Free Study Guide for The Alchemist by Paul Coelho|
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BOOKNOTES SUMMARY THE ALCHEMIST BY PAUL COELHO
He is reminded when he opens his coat that he still has the two stones the
king had given him, and he decides he could sell them for enough money
to return home and buy more sheep. He also understands now what the bar
owner had been trying to tell him: not to trust the stranger. Like everyone
else, he had seen the world in terms of what he would like to happen,
not what actually does. However, the old manís advice also rolls around
in his head and he takes out Urim and Thummim again and questions them
like the old man had told him to do. When they fall though a hole in his
pocket, he is reminded to recognize and follow the omens. Now he knows
that the old man is still with him and that this isnít a strange place;
itís just a new one. And he isnít a poor victim of a thief, but an adventurer
in quest of his treasure.
He awakens the next morning in the marketplace where he had fallen asleep,
and even though he hasnít a cent in his pocket, he has faith. He helps
several merchants set up their stalls and realizes that like the king,
he is able to sense just by observing them whether they are near or far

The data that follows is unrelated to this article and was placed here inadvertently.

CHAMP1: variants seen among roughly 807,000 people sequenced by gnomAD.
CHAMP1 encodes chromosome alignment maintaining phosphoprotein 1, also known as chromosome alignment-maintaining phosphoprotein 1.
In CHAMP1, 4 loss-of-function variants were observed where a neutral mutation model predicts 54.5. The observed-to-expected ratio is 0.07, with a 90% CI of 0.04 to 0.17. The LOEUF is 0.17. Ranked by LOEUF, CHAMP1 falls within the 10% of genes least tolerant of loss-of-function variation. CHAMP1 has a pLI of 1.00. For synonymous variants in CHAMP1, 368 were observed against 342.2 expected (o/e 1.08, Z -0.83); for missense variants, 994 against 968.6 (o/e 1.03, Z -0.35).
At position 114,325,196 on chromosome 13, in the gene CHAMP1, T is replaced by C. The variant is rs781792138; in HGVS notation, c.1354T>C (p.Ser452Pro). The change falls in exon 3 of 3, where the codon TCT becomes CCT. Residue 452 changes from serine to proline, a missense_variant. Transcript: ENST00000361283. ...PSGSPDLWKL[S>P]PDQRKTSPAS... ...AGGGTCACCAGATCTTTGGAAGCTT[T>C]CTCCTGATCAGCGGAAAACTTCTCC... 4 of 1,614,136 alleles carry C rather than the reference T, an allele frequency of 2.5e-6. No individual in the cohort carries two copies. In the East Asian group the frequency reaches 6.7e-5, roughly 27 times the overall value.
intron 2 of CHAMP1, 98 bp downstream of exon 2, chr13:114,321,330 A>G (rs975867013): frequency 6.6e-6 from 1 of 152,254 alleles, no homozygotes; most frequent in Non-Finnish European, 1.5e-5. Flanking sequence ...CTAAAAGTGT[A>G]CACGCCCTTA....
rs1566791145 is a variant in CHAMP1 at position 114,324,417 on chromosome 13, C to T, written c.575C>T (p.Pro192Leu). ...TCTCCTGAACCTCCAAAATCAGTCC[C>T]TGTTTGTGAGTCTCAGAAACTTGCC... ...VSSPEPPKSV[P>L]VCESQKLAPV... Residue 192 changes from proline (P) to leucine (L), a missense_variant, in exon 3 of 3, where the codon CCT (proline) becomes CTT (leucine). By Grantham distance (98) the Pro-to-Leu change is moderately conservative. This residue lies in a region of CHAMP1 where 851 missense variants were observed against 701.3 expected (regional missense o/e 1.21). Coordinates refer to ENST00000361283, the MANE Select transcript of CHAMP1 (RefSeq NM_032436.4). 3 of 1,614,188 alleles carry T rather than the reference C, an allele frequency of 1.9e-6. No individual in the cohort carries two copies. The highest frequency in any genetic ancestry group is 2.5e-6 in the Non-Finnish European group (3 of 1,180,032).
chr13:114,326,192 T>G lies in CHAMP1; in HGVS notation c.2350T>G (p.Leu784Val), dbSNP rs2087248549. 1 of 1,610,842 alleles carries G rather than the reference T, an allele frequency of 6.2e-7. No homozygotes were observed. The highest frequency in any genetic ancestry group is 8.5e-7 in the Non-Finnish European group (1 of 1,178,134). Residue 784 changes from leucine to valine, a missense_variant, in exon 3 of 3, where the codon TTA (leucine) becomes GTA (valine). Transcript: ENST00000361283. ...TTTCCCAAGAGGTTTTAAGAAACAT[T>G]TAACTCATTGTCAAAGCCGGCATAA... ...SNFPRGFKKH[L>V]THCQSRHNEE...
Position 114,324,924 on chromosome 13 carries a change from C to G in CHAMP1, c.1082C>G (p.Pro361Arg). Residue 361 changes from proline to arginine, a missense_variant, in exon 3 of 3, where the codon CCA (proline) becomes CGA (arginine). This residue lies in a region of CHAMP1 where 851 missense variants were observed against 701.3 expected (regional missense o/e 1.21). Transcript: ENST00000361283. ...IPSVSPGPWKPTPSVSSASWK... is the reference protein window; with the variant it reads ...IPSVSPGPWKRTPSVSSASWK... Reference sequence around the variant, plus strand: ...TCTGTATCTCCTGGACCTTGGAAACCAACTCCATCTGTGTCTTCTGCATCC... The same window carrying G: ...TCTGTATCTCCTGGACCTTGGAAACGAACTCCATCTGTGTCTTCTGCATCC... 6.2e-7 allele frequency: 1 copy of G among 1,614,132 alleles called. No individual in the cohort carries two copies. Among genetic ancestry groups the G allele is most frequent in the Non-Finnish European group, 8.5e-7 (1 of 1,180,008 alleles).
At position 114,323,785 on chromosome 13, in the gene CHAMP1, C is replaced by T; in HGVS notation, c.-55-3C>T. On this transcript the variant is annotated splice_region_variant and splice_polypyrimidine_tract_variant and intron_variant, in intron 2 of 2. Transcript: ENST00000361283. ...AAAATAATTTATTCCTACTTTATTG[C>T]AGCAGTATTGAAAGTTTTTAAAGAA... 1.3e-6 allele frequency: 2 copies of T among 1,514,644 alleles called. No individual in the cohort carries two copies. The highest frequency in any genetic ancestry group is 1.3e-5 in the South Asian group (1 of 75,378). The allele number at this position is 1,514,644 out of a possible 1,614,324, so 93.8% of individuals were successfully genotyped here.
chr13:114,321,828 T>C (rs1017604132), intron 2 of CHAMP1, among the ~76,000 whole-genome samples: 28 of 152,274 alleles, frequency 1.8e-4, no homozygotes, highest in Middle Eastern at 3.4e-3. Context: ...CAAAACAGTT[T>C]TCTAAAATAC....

from their Personal Legends, something he had never been able to do before.
Furthermore, he realizes that even though he is speaking Spanish and they
are speaking Arabic, they understand each other very well. Like his experience
with his sheep, they are speaking a language that doesnít depend on words.
With that ability, he can learn to understand the world. He resolves to
walk through Tangier and look for the omens, because, as the king had
said, all things are one.
A crystal merchant lives in Tangier and had sold his crystal in the same spot for thirty years. Once he had been more prosperous, but now with the growth of the city, his shop is in an out-of-the-way spot and his business has fallen off. He thinks that itís too late to change his business, because itís all he knows how to do. Then, just before lunchtime, a boy - Santiago - stops in his shop. The boy tells the merchant that heíll clean the glasses in the window in exchange for something to eat.
When the merchant hesitates, Santiago takes the initiative and cleans every glass in the window. This prompts two customers to enter and buy some crystal. The merchant is impressed by this good omen and takes the boy to lunch. Then, he asks Santiago if he would like to come to work for him, but the boy promises only to work for him the rest of that day into the next to earn money for Egypt. The merchant explains, however, that he could never pay him enough for the amount of work which would get him to Egypt. Santiagoís soul falls silent, but he agrees to work for the merchant to earn enough money to get him home again and buy more sheep.
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Clapsaddle, Diane. "TheBestNotes on The Alchemist".
. 09 May 2017